Remote work brings new challenges to the hiring process. These interview questions can help you gain insight into a candidate’s communication skills, initiative, and more
7 time-wasting habits to kick in 2020
What's your calendar enemy? Try these practical strategies to reclaim more time in your work day and increase productivity
Are you already tiring of your new year’s resolutions? Maybe. Dr. John Norcross, Professor of Psychology at the University of Scranton, has found over time that around 40 percent of people have successfully kept their new year’s resolutions six months later.
The key to changing habits for good, many experts say, is setting attainable goals. Several weeks into 2020 – now that the resolution pressure is off – is a great time for overscheduled IT leaders to identify and break some of their time-wasting habits. “Time is a blank slate,” writes Laura Vanderkam, author Off the Clock: Feel Less Busy While Getting More Done.
“The next 168 hours will be filled with something, but what they are filled with is largely up to you,” she notes.
Hack your productivity in 2020: 7 habits to break
The good news: Leaders can make some relatively simple (though not always easy) changes that can have an outsized impact on overall productivity and availability. Consider breaking some of these seven time-wasting habits:
1. Giving yourself too much time
Even if you haven’t heard of Parkinson’s Law, you’ve certainly lived it: Work expands so as to fill the time available for its completion. It’s time to break the law, says Paul Rulkens, president of Agrippa Consulting International and author of The Power of Preeminence: High Performance Principles to Accelerate Your Business and Career. “Set aside half the usual time for your tasks and your results will be the same or even better,” advises Rulkens, whose clients include McKinsey, Uber, and ExxonMobil.
2. Attending pointless meetings
Breaking Parkinson’s Law with meetings you set – scheduling them for half the time – is another great way to free up time. However, you’re not always the meeting planner. There are other meetings you regularly attend that eat away at your time. Try pushing back more. “The first question to ask in scheduling a meeting should not be ‘Am I available?’, it’s ‘Why does this meeting need to happen?’” says Vanderkam. “If nothing will change in the world as a result of the meeting, it will likely be a waste of time.”
While you’re at it, start asking those same questions before calling a meeting for your team – they’ll appreciate the time back as well.
[ Does this need to be a meeting or an email? Read also: 10 tips to run more effective meetings in 2020. ]
3. Letting the digital tail wag the dog
“Your inbox is not your action list,” Rulkens points out. Neither is every notification on your phone. “Create a separate action list. Use your email as input for this action list,” Rulkens says. “Never use an inbox for action reminders.”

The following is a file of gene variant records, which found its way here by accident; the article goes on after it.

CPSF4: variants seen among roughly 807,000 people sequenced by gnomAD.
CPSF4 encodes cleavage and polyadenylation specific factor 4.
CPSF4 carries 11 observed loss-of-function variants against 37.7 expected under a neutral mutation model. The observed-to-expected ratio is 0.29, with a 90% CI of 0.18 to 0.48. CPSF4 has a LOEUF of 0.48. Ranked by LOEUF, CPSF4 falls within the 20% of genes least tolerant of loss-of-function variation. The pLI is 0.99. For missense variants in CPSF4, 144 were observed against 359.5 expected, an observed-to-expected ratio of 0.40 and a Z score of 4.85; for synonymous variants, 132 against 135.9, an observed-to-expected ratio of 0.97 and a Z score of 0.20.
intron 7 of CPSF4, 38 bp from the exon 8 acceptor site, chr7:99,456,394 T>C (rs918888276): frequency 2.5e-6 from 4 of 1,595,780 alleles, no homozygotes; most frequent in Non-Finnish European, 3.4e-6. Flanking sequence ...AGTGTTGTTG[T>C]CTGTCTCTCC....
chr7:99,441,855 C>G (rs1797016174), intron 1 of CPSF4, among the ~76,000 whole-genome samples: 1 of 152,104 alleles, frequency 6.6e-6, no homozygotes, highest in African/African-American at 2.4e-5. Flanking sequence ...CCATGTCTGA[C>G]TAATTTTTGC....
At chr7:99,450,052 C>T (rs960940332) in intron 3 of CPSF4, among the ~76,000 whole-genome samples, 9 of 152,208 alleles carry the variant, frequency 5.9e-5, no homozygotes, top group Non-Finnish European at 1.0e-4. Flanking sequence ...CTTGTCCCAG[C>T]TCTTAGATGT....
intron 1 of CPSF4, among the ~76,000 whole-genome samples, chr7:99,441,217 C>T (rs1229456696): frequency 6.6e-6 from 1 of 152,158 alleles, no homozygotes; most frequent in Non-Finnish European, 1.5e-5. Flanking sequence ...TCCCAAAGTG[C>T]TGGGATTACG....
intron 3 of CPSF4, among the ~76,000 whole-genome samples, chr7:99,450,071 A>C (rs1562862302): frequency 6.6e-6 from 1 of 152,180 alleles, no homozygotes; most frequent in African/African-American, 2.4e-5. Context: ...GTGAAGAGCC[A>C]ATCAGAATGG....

4. Answering email instantly
Speaking of email, the impulse to check for and reply to incoming messages frequently throughout the day is understandable for leaders – after all, there may be a crisis or other urgent matter lurking in that inbox. However, email can be one of the biggest time-wasters for a CIO. Leaders can reclaim some of that time by checking email less frequently and fighting the urge to reply to each one.
“Chances are, the reason people are emailing you is that they want your thoughts on things. But being constantly on email crowds out space for dreaming up the ideas that make you worth emailing in the first place,” says Vanderkam. “Inbox Zero is vastly overrated.”
You might want to steal an idea from productivity expert and author Chris Bailey – who sends an auto-reply to all emails noting that he typically checks email once a day, at 3 p.m, offers a list of other email outlets for specific requests, and kindly lets the emailer know that he will reply soon. (For more on conquering the email time suck, take a peek at When work expects you to be available 24/7: How to push back and Productivity hacks: how to take control of your inbox.)
5. Unnecessary travel
Sure, it makes sense to travel to meet an important supplier or customer, or deal with a disaster. For many other things, consider staying put. “Modern video-conferencing software is getting good enough that you can truly read cues and feel like you’re in the same room,” Vanderkam says. Given current events, many people are rethinking their criteria for travel and choosing more virtual meetings.
[ Read also: Online meeting tips: 6 ways to present yourself better. ]
6. Not creating clear boundaries
Does it seem that the big problems in IT always find their way to your desk? The CIO’s role is strategy and leadership, not firefighting. It’s time to make that clear to those in your organization. Rulkens calls this “switching off the monkey magnet.” “Don’t allow any problem (or ‘monkey’) to jump from anyone in your staff to you,” Rulkens says. “Only get involved to review possible solutions developed by your staff.”
7. Being unintentional with your time
“The first step to using your time better is knowing how you’re spending it now,” Vanderkam writes. “For a few days, or ideally a week, write down what you’re doing, as often as you remember. Think of yourself as a lawyer billing your time to different projects.” That’s the raw data; start analyzing and categorizing time spent. “How does this feel to you? What do you over- or underinvest in? What do you like most about your schedule? What would you like to change?”
[ How strong is your EQ? See our related article: Emotional intelligence test: 5 self-evaluation tools for leaders. ]